June 14, 2015
June 14, 2015
June 17, 2015
26.298.1 - 26.298.8
Building a Community of Practice: Discipline-Based Educational Research GroupsEngineering Education is a growing field. Twenty-three universities have doctoral programs inengineering education while numerous others offer certificates, courses, or the option to pursueengineering education research in traditional engineering disciplines1. Twenty institutions haveASEE Student Chapters, offering another way for students who are interested in engineeringeducation research to meet and form a community of practice2. A community of practice is aninformal social learning system where members find a sense of belonging due to a shared topicof interest3. Being a part of a community of practice an important way for graduate students tounderstand the norms of the research area they are entering including how to perform and presentresearch, discuss ideas with others, and learn and grow in their chosen area. Engineeringeducation is not currently a course of study that is available to undergraduates; joining acommunity of practice is more important for new engineering education researchers as they arelikely coming from a post-positivist engineering background and are now attempting to interactin a more constructivist realm with different norms and ideas of what rigorous research can be.For those who do not have strong engineering education communities of practice on theircampus, there are other ways to interact with those doing educational research in STEM fields,commonly known as Discipline-Based Educational Research (DBER). Many DBER scholars area small subset of their department, for example, some may study Chemistry Education within theChemistry Department, following the same requirements as a traditional Chemistry PhD studentwhile focusing on the educational aspects of their field. DBER organizations can bring togetherscholars who are struggling to understand the new paradigm in their own field to create a broadersense of community and learning. A strong community can provide support, both emotionallyand academically, contributing to the success of graduate students who may not have suchsupport structures in their own departments.This paper will describe the formation and growth of one such organization at a largeMidwestern university using the community of practice framework3. The members of this grouphave found many benefits and used the community of practice in many different waysthroughout its two years of existence. Evidence will be presented from interviews and a focusgroup of DBER members to support the assertions made.In addition to describing the benefits of this community of practice, this paper will providerecommendations for creating and maintaining a similar group at other institutions. While therecommendations provided may not work for everyone, they will cover common pitfalls andobstacles likely to be seen in the formation and continuation of a cross-disciplinaryextracurricular organization. References Carberry, A., "Engineering education departments and programs (graduate)", engineeringeducationlist, 2011. "Student chapters": ASEE Student Divison, 2014. Wenger, E., "Communities of practice and social learning systems", Organization Vol. 7, No. 2, 2000, pp. 225-246.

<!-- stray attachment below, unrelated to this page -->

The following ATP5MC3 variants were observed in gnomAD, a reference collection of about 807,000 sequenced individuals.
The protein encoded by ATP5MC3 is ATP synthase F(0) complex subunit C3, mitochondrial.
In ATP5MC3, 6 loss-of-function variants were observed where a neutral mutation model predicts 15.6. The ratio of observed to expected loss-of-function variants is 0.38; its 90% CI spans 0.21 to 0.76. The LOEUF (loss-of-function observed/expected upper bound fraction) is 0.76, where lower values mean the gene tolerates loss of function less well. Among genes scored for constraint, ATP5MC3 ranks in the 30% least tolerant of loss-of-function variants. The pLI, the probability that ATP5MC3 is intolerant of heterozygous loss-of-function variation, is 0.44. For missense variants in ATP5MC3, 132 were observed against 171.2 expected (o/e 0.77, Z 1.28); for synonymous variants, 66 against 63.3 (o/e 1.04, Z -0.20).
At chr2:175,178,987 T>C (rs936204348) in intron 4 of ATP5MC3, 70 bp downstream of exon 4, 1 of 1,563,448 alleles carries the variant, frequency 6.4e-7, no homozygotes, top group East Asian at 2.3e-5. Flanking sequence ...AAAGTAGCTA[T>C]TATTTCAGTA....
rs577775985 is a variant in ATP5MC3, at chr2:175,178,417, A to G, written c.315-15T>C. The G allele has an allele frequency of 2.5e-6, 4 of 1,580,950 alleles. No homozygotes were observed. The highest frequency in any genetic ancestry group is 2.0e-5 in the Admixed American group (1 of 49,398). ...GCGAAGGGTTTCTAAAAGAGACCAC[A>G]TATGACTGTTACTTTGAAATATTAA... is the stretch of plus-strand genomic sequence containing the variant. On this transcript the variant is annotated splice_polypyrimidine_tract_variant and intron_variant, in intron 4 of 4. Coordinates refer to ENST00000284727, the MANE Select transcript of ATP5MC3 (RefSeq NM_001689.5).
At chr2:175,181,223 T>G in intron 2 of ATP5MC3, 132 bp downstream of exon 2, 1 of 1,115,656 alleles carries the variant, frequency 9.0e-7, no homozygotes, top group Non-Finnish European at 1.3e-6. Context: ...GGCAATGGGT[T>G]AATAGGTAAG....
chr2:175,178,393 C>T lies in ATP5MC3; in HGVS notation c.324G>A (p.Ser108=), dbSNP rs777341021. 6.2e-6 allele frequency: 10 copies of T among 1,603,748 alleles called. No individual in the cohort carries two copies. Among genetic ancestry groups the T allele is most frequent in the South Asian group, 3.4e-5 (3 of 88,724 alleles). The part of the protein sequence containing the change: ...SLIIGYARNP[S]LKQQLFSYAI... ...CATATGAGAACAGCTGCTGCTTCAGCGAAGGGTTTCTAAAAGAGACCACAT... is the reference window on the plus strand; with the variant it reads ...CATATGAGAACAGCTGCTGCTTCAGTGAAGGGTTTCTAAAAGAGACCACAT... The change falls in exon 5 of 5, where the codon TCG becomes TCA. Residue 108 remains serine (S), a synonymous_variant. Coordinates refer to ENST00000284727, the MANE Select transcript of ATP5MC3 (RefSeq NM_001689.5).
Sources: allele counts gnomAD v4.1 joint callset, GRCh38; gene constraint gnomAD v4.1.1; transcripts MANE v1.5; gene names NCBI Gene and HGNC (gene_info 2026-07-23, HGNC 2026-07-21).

Rynearson, A. M. (2015, June), Building a Community of Practice: Discipline-based Educational Research Groups Paper presented at 2015 ASEE Annual Conference & Exposition, Seattle, Washington. 10.18260/p.23637
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